This is a fruit that’s called a corazón. Got it from my backyard, both literally and figuratively.  I found it to be useful to convey something about my homeland.

At this point, it’s an afterthought, but for what it’s worth, a recent op ed published by Progressive Media Project:

Obama’s visit to Puerto Rico lacked substance

By Ed Morales, June 16, 2011

In his visit to Puerto Rico, President Obama failed to address the major problems facing the island. At bottom, it seemed to be much more of an early campaign stop than an honest effort to grapple with these problems.

While Puerto Ricans were excited by the first official visit by a sitting U.S. president in about 50 years, Obama’s visit was cosmetic, not substantive.

He offered platitudes about striving local entrepreneurs and drew cheers by mentioning Puerto Rican national J.J. Barea, a player for the recently crowned NBA champion Dallas Mavericks. Puerto Ricans are U.S. citizens by birth but cannot vote for president, yet they serve in the military, so Obama predictably praised Puerto Ricans in the armed forces.

The president did not go near discussing the serious civil rights violations and police brutality that have so marked protests on the island recently. Nor did he discuss Gov. Luis Fortuno’s pet project: a natural gas pipeline (called the gasoducto) that opponents claim will harm much of the island’s treasured ecosystem.

Obama did talk about stabilizing Puerto Rico’s economy, but he offered nothing concrete. And Puerto Rico’s economy has severe problems — high unemployment, lagging business investment, exploding crime rates — that can’t be easily compared to those of other U.S. states. The end of a longstanding tax breaks for corporations, combined with the effects of the North American Free Trade Agreement, has completely eroded the island’s income, and the local government has become the biggest employer.

Conservative pro-statehood Gov. Fortuno has imposed a heavy-handed solution for Puerto Rico’s fiscal woes: cut government jobs, privatize (and increase tuition costs at) the University of Puerto Rico and decimate the power of labor unions. These policies have accelerated a massive brain drain, as educated middle-class Puerto Ricans have emigrated in droves to places like Orlando, Fla. — so much so that Puerto Ricans living in the 50 states now outnumber those living on the island.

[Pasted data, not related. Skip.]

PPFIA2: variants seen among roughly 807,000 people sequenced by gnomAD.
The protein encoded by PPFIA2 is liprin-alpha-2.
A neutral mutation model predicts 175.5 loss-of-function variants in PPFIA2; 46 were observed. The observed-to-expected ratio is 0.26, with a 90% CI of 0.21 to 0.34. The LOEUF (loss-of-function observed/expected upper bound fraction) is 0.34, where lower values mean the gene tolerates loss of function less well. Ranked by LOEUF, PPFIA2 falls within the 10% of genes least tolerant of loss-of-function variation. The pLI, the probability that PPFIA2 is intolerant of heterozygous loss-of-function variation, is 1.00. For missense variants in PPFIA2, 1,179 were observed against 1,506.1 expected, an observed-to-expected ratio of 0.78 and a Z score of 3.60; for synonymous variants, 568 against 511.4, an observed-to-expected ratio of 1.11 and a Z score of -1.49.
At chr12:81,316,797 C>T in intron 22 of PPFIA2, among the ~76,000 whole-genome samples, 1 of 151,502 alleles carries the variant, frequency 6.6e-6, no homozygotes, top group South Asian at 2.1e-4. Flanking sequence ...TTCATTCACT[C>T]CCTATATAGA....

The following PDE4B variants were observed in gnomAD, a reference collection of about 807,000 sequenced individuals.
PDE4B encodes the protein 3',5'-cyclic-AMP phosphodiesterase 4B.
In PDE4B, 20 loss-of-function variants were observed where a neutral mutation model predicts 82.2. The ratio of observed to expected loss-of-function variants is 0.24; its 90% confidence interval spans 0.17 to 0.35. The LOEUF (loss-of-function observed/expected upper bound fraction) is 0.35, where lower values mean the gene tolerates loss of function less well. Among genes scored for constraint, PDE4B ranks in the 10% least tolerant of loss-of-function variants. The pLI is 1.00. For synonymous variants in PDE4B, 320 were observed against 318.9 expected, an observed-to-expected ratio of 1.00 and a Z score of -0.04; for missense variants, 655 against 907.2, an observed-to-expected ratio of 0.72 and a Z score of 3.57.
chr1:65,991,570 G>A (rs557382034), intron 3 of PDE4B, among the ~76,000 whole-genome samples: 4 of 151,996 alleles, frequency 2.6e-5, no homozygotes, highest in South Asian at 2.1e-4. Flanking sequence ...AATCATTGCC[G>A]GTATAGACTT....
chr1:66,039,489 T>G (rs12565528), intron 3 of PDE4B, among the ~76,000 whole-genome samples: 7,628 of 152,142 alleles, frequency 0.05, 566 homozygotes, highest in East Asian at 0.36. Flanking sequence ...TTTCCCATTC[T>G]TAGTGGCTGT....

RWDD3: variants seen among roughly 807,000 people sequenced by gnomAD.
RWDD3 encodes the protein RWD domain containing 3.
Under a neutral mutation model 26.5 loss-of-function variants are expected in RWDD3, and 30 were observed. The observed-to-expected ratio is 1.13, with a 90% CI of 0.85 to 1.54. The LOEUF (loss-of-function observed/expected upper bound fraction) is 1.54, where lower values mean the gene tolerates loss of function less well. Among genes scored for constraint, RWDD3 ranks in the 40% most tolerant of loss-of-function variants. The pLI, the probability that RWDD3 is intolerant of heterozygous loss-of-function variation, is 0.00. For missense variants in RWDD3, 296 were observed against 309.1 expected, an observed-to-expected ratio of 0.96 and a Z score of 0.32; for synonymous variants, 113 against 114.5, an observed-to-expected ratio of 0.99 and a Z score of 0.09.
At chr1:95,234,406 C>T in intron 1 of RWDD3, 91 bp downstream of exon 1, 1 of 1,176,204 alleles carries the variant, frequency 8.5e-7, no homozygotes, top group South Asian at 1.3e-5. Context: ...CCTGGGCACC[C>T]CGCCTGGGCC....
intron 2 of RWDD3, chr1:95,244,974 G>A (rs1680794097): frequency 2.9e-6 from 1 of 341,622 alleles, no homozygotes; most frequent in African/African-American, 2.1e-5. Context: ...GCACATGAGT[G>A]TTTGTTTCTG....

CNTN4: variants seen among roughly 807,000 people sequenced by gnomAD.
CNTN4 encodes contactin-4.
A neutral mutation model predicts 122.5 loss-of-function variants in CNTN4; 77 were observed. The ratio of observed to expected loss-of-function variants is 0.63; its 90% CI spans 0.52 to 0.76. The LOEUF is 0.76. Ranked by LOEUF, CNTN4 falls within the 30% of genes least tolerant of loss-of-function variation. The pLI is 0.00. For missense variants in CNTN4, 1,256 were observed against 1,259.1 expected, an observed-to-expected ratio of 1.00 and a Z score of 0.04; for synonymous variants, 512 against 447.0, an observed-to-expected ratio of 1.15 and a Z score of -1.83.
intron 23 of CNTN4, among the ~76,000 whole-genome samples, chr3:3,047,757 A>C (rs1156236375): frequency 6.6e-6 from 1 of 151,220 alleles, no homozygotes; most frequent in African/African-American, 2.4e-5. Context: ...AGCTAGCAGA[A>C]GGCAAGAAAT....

Which brings us to the underlying reasons for Obama’s visit. The increase of middle-class Puerto Ricans in Florida has created a kind of counterweight to the largely Republican voting bloc of Cuban-Americans in that state. A key to Obama’s strategy for re-election is to make sure that Latinos in Florida vote Democratic. In addition, any visible attempt to address Latinos, such as in his trip to Puerto Rico, helps to deflect criticism over his lack of initiative in bringing about immigration reform.

Obama’s main takeaway from his visit was the $1 million or so he put into his re-election campaign coffers from a fundraiser during the visit.

But the people of Puerto Rico were left high and dry. They deserve more than platitudes and promises. They deserve more than four hours spent as a political advertisement for an incumbent president’s re-election campaign. They deserve more than being a mere afterthought in the American political system.

This video, by PR rapper Siete Nueve (directed by Juan C. Dávila) and cameo-ing Tego Calderón, among others, goes a long way to define the current anti-colonial aesthetic on the island. It’s hard-hitting. Graphic. Seeing things in black-and-white.

Not sure what prompted them, but the paper o’ record enlisted Lizette Álvarez to do a feature on the rising violence down there. Of course the hype around this has been growing steadily, but it’s hard to brand this sensationalism. On my last visit it didn’t take long to be confronted with some anecdotal evidence, i.e., local Santurce musician describing a car-jacking of a mutual acquaintance and, up in la montaña, an emergency medical technician expressing his frustration about growing violence in Loíza, a town focused on in the Times piece.

[Update: 11:15 PM, 6/21. As of right now, this story is the 5th most e-mailed story on the Times website]

Don’t mean to be so dark. Somewhere in our waking dream we are all having a Medalla with ice cubes in it. Let me get a Henry Cole drum solo splashed with images of pleneros in the street, please.


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